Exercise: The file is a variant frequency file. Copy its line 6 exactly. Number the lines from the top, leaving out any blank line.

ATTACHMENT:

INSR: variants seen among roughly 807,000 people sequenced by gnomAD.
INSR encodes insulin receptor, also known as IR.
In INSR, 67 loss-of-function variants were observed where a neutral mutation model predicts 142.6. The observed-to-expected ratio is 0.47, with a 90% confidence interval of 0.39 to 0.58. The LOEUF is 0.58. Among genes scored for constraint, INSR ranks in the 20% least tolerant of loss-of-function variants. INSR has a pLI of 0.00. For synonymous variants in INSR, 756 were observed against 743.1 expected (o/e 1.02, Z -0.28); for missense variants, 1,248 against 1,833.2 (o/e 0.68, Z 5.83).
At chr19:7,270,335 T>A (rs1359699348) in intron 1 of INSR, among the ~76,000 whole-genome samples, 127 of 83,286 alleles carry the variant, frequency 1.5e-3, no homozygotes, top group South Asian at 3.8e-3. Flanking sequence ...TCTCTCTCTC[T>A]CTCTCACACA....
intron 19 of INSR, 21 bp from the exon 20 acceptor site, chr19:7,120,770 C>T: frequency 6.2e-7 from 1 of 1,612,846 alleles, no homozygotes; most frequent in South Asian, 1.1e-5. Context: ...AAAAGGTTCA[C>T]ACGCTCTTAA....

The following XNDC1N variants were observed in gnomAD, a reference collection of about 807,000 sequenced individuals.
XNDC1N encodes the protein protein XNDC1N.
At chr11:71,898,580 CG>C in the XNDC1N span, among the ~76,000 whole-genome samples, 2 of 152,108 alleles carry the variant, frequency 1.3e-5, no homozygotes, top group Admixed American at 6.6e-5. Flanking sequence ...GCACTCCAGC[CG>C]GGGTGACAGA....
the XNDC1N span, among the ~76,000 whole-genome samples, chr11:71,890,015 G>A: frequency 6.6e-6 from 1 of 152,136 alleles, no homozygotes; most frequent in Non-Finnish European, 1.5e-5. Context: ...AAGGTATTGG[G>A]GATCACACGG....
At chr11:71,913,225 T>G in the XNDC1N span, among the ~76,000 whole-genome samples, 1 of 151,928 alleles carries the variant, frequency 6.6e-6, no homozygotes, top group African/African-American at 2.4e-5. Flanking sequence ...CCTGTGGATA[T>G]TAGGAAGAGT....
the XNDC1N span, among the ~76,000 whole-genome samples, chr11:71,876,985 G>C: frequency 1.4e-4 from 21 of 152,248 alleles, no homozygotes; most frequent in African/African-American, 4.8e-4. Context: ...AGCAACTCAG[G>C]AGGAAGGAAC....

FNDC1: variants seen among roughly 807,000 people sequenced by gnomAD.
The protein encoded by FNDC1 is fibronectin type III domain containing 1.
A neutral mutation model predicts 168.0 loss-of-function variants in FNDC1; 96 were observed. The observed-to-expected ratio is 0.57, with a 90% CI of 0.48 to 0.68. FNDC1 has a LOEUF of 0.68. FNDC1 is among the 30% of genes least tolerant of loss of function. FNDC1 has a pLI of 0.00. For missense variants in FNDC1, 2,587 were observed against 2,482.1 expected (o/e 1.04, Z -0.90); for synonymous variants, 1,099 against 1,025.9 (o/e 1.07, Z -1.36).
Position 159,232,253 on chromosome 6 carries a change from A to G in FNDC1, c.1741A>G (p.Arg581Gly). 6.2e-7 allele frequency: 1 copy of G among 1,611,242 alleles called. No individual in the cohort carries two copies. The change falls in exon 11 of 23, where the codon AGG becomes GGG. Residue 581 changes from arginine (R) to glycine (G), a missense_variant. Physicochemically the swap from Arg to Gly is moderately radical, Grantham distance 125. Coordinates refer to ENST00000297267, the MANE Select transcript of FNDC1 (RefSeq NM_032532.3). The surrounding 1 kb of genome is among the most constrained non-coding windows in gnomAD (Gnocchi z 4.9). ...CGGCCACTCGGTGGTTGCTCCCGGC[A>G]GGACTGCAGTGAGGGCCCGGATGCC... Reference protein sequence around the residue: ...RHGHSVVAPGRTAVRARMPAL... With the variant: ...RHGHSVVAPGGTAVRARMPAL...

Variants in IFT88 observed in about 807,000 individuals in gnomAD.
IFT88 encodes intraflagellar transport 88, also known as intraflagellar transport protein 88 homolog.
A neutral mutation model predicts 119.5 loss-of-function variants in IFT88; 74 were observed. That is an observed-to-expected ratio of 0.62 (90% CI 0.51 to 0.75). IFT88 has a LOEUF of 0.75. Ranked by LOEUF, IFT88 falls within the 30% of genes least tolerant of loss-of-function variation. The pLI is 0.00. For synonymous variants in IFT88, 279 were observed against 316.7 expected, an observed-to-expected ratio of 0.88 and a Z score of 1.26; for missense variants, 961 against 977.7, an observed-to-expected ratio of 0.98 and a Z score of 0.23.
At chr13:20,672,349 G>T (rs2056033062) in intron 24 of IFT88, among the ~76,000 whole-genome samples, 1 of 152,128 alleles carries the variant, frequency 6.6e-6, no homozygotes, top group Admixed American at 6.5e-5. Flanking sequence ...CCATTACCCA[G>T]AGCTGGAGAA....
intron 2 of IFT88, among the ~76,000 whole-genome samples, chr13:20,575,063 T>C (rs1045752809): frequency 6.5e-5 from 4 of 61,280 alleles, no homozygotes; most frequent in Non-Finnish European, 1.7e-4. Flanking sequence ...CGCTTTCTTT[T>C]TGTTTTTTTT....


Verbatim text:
The following XNDC1N variants were observed in gnomAD, a reference collection of about 807,000 sequenced individuals.